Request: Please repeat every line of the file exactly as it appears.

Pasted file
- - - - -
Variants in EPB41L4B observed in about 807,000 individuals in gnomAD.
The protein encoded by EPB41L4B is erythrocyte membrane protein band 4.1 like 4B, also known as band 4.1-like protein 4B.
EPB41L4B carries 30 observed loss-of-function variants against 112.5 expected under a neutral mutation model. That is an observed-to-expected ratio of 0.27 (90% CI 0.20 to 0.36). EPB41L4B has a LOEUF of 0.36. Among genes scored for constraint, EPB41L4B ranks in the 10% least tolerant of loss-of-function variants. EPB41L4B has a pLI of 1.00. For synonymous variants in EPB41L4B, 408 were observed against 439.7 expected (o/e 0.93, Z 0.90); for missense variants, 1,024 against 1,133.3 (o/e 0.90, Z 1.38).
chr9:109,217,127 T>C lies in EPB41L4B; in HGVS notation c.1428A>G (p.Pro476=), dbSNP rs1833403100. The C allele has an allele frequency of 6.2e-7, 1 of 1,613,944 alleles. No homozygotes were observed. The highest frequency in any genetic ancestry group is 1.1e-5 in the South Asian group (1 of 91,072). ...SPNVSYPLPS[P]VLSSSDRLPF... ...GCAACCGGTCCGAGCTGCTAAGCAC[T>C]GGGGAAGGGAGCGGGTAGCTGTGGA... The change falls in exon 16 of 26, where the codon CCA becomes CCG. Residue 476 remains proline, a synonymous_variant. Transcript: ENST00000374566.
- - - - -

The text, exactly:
Variants in EPB41L4B observed in about 807,000 individuals in gnomAD.
The protein encoded by EPB41L4B is erythrocyte membrane protein band 4.1 like 4B, also known as band 4.1-like protein 4B.
EPB41L4B carries 30 observed loss-of-function variants against 112.5 expected under a neutral mutation model. That is an observed-to-expected ratio of 0.27 (90% CI 0.20 to 0.36). EPB41L4B has a LOEUF of 0.36. Among genes scored for constraint, EPB41L4B ranks in the 10% least tolerant of loss-of-function variants. EPB41L4B has a pLI of 1.00. For synonymous variants in EPB41L4B, 408 were observed against 439.7 expected (o/e 0.93, Z 0.90); for missense variants, 1,024 against 1,133.3 (o/e 0.90, Z 1.38).
chr9:109,217,127 T>C lies in EPB41L4B; in HGVS notation c.1428A>G (p.Pro476=), dbSNP rs1833403100. The C allele has an allele frequency of 6.2e-7, 1 of 1,613,944 alleles. No homozygotes were observed. The highest frequency in any genetic ancestry group is 1.1e-5 in the South Asian group (1 of 91,072). ...SPNVSYPLPS[P]VLSSSDRLPF... ...GCAACCGGTCCGAGCTGCTAAGCAC[T>C]GGGGAAGGGAGCGGGTAGCTGTGGA... The change falls in exon 16 of 26, where the codon CCA becomes CCG. Residue 476 remains proline, a synonymous_variant. Transcript: ENST00000374566.